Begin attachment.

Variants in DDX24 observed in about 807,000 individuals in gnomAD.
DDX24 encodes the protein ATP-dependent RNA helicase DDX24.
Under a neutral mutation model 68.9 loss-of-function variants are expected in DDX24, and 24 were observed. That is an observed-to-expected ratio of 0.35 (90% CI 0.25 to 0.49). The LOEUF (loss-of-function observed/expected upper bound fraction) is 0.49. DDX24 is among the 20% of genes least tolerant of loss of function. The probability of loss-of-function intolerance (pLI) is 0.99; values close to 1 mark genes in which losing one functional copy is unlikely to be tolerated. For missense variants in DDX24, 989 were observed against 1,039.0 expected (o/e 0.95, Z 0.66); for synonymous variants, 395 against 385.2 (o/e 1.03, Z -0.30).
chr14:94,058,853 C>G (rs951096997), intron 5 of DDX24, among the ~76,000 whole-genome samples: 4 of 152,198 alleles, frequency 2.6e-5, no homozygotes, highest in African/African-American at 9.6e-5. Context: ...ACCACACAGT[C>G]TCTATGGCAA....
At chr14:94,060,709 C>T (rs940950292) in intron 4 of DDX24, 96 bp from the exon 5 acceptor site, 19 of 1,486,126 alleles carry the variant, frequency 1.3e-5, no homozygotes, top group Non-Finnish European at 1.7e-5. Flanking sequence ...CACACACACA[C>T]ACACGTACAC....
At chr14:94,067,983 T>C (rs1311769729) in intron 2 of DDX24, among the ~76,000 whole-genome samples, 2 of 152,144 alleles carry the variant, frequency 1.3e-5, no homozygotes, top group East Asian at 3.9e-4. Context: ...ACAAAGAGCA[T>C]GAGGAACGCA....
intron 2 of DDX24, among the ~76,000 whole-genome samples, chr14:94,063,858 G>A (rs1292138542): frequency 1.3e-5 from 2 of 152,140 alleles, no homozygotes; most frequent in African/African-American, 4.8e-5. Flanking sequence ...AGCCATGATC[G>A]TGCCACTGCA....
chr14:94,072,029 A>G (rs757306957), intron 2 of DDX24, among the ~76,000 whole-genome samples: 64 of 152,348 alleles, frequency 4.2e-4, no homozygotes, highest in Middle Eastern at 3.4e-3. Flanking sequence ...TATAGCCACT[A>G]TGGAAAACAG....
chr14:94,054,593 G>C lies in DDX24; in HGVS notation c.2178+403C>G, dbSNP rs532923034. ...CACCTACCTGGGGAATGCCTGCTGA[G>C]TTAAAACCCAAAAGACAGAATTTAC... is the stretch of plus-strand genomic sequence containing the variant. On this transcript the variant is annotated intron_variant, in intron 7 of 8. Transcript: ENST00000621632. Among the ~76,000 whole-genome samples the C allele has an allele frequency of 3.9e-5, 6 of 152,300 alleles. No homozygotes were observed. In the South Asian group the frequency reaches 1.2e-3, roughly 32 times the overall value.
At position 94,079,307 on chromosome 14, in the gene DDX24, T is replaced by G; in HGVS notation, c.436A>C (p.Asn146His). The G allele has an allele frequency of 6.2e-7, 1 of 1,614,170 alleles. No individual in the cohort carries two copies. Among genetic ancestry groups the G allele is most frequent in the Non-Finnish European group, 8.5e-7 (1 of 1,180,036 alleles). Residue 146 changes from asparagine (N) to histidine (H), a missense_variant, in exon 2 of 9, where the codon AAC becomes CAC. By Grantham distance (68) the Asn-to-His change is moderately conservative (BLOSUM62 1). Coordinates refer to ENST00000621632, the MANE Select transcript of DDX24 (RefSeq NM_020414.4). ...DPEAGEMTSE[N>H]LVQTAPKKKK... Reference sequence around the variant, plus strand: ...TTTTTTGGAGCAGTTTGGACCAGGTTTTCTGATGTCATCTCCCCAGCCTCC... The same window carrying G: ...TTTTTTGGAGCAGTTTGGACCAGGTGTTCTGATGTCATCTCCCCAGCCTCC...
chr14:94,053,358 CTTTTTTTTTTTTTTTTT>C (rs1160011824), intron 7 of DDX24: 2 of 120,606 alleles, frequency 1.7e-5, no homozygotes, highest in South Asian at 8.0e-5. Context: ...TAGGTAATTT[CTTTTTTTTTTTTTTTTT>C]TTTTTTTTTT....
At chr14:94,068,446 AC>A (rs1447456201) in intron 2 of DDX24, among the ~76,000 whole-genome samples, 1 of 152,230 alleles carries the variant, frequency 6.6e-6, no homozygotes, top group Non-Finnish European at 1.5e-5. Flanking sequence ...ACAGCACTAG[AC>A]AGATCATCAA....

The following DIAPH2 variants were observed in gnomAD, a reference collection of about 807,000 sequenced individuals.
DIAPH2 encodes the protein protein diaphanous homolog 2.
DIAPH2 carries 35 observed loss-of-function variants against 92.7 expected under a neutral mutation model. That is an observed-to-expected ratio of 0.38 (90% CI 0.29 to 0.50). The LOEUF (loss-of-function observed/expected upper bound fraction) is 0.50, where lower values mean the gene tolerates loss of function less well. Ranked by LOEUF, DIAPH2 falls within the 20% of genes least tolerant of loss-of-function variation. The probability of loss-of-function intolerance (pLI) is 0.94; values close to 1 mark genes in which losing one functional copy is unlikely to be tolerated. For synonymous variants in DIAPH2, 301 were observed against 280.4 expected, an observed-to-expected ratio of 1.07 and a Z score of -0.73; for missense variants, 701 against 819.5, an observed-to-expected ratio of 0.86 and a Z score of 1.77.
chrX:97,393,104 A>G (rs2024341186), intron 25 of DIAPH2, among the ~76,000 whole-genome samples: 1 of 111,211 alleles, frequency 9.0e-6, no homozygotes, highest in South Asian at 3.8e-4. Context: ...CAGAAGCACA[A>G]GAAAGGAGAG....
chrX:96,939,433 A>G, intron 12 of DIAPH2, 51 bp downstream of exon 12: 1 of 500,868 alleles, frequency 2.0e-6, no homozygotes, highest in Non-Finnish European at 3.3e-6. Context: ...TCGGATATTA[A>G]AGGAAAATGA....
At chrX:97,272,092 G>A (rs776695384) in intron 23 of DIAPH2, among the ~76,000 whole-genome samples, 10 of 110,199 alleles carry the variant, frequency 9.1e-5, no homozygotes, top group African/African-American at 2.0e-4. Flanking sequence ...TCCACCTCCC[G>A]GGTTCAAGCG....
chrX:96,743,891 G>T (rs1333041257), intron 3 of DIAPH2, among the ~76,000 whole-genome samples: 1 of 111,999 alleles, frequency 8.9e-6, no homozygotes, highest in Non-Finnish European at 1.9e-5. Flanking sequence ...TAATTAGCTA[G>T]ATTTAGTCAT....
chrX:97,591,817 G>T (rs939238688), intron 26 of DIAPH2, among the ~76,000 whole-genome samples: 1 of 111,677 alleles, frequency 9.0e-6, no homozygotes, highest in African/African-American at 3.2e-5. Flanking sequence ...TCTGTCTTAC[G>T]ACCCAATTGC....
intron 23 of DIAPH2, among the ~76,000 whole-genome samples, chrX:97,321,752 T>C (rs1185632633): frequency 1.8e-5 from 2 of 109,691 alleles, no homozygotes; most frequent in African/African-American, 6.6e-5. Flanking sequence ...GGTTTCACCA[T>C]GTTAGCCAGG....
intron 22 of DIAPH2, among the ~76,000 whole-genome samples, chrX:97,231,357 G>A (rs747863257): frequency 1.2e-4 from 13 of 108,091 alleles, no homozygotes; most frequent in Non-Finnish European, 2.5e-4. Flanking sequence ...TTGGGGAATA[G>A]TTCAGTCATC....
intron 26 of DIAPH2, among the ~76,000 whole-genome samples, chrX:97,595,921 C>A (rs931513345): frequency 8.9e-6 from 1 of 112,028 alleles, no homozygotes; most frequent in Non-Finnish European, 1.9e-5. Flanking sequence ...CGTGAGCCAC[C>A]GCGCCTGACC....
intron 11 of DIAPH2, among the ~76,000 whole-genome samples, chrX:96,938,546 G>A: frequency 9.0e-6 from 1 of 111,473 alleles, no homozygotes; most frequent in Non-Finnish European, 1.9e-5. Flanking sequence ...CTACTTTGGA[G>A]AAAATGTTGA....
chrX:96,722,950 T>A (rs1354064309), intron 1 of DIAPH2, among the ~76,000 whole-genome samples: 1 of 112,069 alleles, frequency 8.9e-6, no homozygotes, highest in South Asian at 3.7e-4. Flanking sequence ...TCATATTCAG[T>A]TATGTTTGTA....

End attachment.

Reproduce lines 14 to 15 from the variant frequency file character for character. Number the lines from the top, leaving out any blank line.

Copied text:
DIAPH2 encodes the protein protein diaphanous homolog 2.
DIAPH2 carries 35 observed loss-of-function variants against 92.7 expected under a neutral mutation model. That is an observed-to-expected ratio of 0.38 (90% CI 0.29 to 0.50). The LOEUF (loss-of-function observed/expected upper bound fraction) is 0.50, where lower values mean the gene tolerates loss of function less well. Ranked by LOEUF, DIAPH2 falls within the 20% of genes least tolerant of loss-of-function variation. The probability of loss-of-function intolerance (pLI) is 0.94; values close to 1 mark genes in which losing one functional copy is unlikely to be tolerated. For synonymous variants in DIAPH2, 301 were observed against 280.4 expected, an observed-to-expected ratio of 1.07 and a Z score of -0.73; for missense variants, 701 against 819.5, an observed-to-expected ratio of 0.86 and a Z score of 1.77.